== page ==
Admiral Dong’s Coming Out Party

The new Defense Minister of the People’s Republic of China (PRC), Admiral Dong Jun, the first Admiral to hold this position, recently had his coming-out party. Dong’s remarks, entitled “China’s Approach to Global Security,” made on June 2nd at the Shangri-La Dialogue in Singapore defense conference, unequivocally targeted Taiwan and the United States.

Admiral Dong’s address was notable for three reasons.

First, its belligerence. His remarks included statements that the PRC’s military was ready to “forcefully” stop attempts by Taiwan to gain independence. This is an important statement as it is an indicator of the confidence that Admiral Dong, and by extension, Chinese Communist Party (CCP) top leader Xi Jinping, have about the capacity and capabilities of the People’s Liberation Army (PLA). The Admiral went on to further warn that Taiwanese “separatists” will be “crushed to pieces” if Taipei makes any moves towards declaring independence. Dong’s belligerence was also extended to the United States; “whoever dares to split Taiwan from China will be crushed to pieces and suffer its own destruction,” he stated in full “Wolf Warrior” mode. Dong’s message is aligned with President Xi’s July 2021 speech at the 100th anniversary of the Chinese Communist Party, when he said, “anyone who would attempt to do so will find themselves on a collision course with a great wall of steel forged by over 1.4 billion Chinese people.” The alignment of statements is a reminder that Xi remains firmly in control of the PLA.

In Dong’s remarks, Beijing declared once again that it is willing to use force to stop Taiwan’s independence and to counter any intervention the U.S. and allies would attempt to help defend Taiwan. His militaristic tone defined the speech: “We will not allow hegemonism and power politics to undermine the interests of the Asia-Pacific countries. We will not allow anyone to bring geopolitical conflicts or any war, whether hot or cold, to our region. We will not allow any country or any force to create conflict and chaos in our region.” It would have been rude for his hosts to point out that these are actions that the PRC is taking today against several states, including the Philippines. Dong further noted in his address that Manila, emboldened by “outside powers,” had broken promises and “made premediated provocations.” All true if leveled at the PRC but lies if directed at the Philippines.

Second, there is a major change of the PRC’s declaratory policy regarding what would constitute a “red line” for its invasion of Taiwan. Dong moved beyond the traditional “red line” of independence; that is, if Taiwan explicitly declared its independence, the PRC would invade. In Dong’s address, he advanced the concept of lower thresholds that would now be a new “red line” for the PRC. He noted how “some big power” violates the “One China Principle” and is testing the PRC’s “red line” through arms sales to Taiwan and official engagements with Taipei. This is important because it signifies that Dong is attempting, first, to halt what Beijing fears is an incremental approach towards Taiwanese independence and, second, to unmistakably convey to Taipei and Washington that any of these acts may cross their “red line” and thus compel an invasion.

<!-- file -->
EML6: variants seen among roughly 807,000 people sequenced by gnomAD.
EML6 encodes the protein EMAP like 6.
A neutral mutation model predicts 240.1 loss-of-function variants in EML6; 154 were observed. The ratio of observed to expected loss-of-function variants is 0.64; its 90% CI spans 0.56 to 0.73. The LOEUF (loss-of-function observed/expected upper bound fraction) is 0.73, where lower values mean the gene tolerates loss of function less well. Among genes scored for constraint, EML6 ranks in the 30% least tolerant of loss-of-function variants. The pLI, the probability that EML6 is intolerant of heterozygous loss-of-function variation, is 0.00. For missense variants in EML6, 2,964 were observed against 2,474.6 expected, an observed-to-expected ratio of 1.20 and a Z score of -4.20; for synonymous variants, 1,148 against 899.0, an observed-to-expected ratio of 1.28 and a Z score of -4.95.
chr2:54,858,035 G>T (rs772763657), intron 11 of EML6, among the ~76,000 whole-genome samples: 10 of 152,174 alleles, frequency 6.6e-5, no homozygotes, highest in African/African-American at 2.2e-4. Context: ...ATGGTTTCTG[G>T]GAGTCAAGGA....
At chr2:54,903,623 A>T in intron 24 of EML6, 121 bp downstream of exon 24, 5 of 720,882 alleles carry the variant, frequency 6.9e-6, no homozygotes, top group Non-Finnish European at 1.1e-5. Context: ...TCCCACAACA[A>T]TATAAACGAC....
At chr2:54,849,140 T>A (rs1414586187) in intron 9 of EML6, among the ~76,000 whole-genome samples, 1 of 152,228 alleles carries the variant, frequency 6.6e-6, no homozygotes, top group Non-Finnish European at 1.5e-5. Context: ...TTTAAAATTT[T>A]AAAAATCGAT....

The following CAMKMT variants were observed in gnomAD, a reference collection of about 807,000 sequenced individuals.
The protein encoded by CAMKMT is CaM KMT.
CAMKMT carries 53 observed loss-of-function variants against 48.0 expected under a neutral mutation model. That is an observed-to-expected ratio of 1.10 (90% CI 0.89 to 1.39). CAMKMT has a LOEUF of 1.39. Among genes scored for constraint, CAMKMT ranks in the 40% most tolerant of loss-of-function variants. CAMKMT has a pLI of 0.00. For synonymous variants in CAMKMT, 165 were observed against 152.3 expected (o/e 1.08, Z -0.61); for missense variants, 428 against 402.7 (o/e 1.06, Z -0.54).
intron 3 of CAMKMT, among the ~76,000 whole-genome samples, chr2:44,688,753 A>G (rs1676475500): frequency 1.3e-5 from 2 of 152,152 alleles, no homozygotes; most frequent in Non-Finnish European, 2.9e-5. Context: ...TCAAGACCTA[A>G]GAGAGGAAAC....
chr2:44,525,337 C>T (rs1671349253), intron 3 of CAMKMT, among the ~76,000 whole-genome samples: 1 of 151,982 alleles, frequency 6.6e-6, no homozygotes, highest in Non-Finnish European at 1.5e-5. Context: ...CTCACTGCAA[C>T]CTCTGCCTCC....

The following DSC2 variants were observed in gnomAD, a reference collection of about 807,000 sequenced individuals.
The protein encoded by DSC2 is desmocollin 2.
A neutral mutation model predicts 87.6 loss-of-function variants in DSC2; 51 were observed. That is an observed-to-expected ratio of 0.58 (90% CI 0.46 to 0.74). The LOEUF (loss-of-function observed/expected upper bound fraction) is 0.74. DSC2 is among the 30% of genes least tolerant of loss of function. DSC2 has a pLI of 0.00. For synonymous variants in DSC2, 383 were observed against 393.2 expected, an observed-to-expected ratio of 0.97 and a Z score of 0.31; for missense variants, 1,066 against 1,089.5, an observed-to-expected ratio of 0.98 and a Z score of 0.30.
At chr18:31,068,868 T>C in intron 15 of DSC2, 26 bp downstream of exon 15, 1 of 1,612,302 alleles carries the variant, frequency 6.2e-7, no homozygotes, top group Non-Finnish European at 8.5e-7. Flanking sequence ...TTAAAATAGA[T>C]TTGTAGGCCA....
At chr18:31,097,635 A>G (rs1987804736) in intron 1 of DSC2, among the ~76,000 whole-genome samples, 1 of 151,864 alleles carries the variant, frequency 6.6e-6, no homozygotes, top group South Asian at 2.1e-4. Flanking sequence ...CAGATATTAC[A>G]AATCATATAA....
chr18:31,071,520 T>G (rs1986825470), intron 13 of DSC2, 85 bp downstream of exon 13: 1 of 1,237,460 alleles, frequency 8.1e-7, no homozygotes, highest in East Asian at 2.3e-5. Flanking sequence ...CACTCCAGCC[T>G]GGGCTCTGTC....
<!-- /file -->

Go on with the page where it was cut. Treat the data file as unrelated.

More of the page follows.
With Beijing’s threshold being lowered, fundamentally, the PRC is now determined more than ever to conquer Taiwan, so any act that Taipei takes, from a remark by President William Lai to a visit from a foreign dignitary, will serve as justification in Beijing’s mind for the invasion. In sum, the casus belli could be anything. Thus, it should not be a surprise to see the increasing use of coercion as the order of day. In other words, it appears Xi and the CCP are itching to create the conditions to launch an invasion, the exact opposite assessment that most of the “experts” in Washington are making.

Third, in his jeremiad, we hear a new level of intimidation directed at Taiwan, the Philippines, and the U.S., where Dong referenced each nation, directly or obliquely. The verbal attacks on the Philippines is notable because of his attack against them was made in the context of increasing pressure against Manila and about two weeks after the May 19, 2024, incident at Second Thomas Shoal, where Filipino Marines were forced to ready their weapons against aggressive Chinese Coast Guard (CCG) sailors who seized food and medicine packets air-dropped by the Philippine Navy as part of the replenishment of the Filipino Marines guarding the Shoal on board the Sierra Madre. Reports are that the PRC Coast Guard sailors came within 15-20 yards of the vessel and were clearly threatening the handful of sailors who live onboard the rusting WWII hulk that was grounded 25 years ago as Manila’s only means available of sustaining physical occupation of their sovereign territory. While the dispute at Second Thomas Shoal dates back decades, in the past six months, the PRC’s coercive actions against Manila have increased and intensified to a new level of danger. There are many paths to war in the Indo-Pacific, and the PRC’s actions against the Philippines and Taiwan are increasingly the most likely. So much so that U.S. defense planning needs to anticipate that the PRC might attack both Taiwan and the Philippines simultaneously or use action against one to increase escalation to include the other. That escalation will not stop with Manila and Taipei but will include Tokyo and Washington as well.